Boulder Fearsome Five; Los Cinco Diablos
I’ve been training in Boulder now for a little bit over three weeks, and have quickly become familiar with most of the major climbs in the area. Last week I learned about a ride called the Boulder Fearsome Five, or Los Cinco Diablos; an epic ride with the sole purpose of completing the five main climbs from Boulder in the most efficient way possible. The result? A little under 170km with 4600 meters of climbing in 6 and a half hours in the saddle. Ok, I concede that this doesn’t come close to the realm of everesting, however once you incorporate the effects of altitude, this ride quickly turns into one of the most challenging I have ever done.
I completed the ride going from South to North. Here’s a breakdown of the climbs in that order:
Climb #1: Flagstaff. 7.3km @ 8%.
The first climb of the day is probably the most iconic climb in Boulder and was featured in the USA Pro Challenge. I doubt there’s been a cyclist who has been to boulder and hasn’t ridden up this climb. If you’ve been here, you’ll know why. If you haven’t, I recommend that you do. My old mate Stalder likes referring to KOM’s as either ‘low-hanging fruit’ or ‘fruit out-of-reach’. This climb is definitely the latter.
Climb #2: Magnolia . 7.2km @ 9%.
Steep. Switchbacks. Baw Baw. Those are the three words that come to mind whilst climbing this beast. The first three kilometres average 12%, and you can’t really get up them without working hard. Do not set auto-pause on your garmin, that’s what rookies do.
Climb #3: Sugarloaf. 7.5km @ 8%.
The start of this climb offers some pleasant views of the first couple of switchbacks from magnolia. I recommend taking in that view as long as possible for two reasons. Firstly, it justifies how steep the climb that you just completed really is (give yourself a pat on the back), and secondly, it makes Sugarloaf feel a whole lot easier. That feeling is shortly lived. Once at the summit just to add a little bit of extra climbing, the fearsome five demands that you descend the other side for 700metres at -10% until the road turns to dirt. Pull a U-turn and spend the next 5 minutes climbing back to where you once were less than a minute ago.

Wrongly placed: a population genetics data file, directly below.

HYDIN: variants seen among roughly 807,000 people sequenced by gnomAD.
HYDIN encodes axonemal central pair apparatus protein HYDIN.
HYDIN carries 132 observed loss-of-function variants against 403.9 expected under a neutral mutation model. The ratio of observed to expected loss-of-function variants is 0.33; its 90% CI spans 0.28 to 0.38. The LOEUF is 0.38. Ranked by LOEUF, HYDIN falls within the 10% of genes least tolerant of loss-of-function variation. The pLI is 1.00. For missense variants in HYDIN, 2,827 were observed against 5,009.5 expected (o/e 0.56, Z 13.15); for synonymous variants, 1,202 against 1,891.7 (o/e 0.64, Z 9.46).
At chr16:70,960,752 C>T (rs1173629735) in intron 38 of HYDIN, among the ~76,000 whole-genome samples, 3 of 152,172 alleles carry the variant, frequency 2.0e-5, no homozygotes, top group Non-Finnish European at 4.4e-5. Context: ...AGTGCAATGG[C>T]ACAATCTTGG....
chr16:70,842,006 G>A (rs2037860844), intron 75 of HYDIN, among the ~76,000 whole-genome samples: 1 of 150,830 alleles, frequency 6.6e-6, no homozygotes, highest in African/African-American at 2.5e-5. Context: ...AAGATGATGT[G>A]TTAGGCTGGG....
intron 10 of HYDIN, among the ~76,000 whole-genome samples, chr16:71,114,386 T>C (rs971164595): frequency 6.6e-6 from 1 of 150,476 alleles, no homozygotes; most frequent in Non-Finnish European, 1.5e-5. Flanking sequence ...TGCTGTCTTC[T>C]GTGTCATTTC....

Climb #4: Fourmile Canyon. 13.9 @ 5%.
With 6km @ 8% of dirt, this climb takes you up to a little town called Gold Hill. Other than a handful of old buildings there’s not a whole lot going on in Gold Hill, but this means the climb is quiet… The town witnessed a large bushfire a few years ago (168 houses destroyed in 2010) and then a devastating flood in 2013 which caused some further damage to the town. Who would have thought you’d get a history lesson whilst reading my blog.
Climb #5: Super Jamestown 12km @ 5%. (Includes Lee Hill Climb 7km @ 6%)
Lee Hill climb isn’t included in the fearsome five. I guess the fearsome six doesn’t have the same ring to it, and cinco sounds better than seis in my opinion. For whatever the reason, spending 20 minutes climbing a climb that doesn’t count as a climb is mentally challenging, but at the same time knowing there was only one more to go was highly motivating… After descending the other side of Lee Hill, the climb into Jamestown is easy enough but becomes increasingly challenging towards the summit, with an 800 metre section averaging 15%. Ouch.
And there you have it. The fearsome five, or les cinco diablos. I don’t think you can really put into words what completing a ride like this feels like, but I can tell you it was one epic ride!
Thanks for reading,